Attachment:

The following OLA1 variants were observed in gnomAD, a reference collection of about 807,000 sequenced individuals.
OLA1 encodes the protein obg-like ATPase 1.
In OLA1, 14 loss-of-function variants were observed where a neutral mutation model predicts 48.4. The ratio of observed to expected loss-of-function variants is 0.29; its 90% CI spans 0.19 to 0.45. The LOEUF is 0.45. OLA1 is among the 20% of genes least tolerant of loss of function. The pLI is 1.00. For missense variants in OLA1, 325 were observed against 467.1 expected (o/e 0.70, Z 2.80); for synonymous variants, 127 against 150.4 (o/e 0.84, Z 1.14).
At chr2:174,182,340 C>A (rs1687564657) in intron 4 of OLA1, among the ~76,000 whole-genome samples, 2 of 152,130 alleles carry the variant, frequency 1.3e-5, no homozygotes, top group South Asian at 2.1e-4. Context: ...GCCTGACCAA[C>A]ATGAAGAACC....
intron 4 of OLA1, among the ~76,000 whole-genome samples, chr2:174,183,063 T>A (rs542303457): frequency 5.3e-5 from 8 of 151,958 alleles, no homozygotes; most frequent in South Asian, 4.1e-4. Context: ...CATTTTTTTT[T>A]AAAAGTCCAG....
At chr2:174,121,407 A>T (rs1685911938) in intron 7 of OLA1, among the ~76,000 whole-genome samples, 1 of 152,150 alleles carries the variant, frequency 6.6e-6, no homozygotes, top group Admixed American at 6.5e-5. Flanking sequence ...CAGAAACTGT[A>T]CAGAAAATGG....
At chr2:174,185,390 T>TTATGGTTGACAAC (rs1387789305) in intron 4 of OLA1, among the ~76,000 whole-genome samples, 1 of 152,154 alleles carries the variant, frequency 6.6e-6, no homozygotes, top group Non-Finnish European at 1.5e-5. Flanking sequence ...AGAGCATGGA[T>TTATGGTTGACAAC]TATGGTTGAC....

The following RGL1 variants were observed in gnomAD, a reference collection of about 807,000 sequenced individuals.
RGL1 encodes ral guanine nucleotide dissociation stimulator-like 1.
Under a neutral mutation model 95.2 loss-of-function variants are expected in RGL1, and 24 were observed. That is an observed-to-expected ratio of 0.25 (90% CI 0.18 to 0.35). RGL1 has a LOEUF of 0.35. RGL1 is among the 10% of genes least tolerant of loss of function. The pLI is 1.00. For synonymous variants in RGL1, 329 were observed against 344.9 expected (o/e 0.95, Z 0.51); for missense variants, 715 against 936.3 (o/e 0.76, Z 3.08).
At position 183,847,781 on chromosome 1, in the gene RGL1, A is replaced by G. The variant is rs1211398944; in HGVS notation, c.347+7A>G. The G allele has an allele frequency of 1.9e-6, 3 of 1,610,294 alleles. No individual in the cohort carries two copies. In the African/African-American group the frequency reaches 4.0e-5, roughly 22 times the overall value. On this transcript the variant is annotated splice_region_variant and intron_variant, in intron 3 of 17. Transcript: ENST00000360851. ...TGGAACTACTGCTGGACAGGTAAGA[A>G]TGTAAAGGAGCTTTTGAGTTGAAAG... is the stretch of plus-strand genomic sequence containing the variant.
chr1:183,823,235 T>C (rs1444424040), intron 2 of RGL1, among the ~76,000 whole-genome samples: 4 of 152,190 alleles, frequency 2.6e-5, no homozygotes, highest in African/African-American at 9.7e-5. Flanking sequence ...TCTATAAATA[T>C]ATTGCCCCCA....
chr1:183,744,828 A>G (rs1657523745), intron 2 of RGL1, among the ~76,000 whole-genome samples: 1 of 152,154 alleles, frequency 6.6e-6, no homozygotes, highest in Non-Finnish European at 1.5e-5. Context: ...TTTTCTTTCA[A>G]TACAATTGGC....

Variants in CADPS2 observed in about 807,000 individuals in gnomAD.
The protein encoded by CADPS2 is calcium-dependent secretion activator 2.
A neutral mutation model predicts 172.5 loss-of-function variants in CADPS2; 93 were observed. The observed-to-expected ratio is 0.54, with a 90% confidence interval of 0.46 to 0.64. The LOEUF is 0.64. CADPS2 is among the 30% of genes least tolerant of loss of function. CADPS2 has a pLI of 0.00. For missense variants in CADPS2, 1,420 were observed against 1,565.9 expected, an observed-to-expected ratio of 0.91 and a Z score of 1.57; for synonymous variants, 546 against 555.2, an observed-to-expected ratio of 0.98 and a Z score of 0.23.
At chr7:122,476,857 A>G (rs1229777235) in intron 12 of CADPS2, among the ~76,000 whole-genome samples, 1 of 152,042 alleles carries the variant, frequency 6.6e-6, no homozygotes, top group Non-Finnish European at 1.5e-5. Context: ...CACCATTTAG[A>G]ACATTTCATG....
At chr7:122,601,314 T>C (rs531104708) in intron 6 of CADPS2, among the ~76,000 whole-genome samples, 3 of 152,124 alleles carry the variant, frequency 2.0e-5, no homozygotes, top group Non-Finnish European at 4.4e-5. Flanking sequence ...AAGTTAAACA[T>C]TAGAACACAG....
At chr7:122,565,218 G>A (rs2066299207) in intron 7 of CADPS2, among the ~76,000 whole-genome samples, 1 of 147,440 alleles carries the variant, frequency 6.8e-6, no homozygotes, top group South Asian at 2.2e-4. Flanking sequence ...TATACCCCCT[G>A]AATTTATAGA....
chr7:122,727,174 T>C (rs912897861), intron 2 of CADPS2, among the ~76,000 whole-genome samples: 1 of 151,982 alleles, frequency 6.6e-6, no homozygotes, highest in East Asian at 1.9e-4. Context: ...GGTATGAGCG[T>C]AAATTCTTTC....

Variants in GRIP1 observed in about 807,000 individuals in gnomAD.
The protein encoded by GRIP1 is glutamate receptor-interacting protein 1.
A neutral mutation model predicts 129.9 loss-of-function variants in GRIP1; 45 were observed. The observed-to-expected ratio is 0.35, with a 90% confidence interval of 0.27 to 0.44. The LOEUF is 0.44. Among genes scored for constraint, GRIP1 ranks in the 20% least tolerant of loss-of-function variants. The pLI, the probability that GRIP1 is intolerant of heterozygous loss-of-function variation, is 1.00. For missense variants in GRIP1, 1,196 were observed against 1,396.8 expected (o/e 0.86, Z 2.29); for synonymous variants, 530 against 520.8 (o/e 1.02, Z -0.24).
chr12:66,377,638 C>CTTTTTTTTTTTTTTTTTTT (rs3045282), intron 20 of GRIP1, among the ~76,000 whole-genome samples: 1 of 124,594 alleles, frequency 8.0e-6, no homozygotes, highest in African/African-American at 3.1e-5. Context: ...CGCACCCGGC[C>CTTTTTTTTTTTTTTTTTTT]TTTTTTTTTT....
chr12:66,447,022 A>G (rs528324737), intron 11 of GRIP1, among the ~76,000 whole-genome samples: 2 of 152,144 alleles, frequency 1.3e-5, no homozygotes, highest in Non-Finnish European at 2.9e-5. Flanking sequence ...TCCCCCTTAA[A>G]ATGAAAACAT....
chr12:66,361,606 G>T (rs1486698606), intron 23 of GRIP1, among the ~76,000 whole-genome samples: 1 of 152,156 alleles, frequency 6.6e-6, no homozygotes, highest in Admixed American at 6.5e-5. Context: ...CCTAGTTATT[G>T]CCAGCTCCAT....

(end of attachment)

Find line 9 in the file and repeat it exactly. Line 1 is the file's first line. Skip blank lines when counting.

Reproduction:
RGL1 encodes ral guanine nucleotide dissociation stimulator-like 1.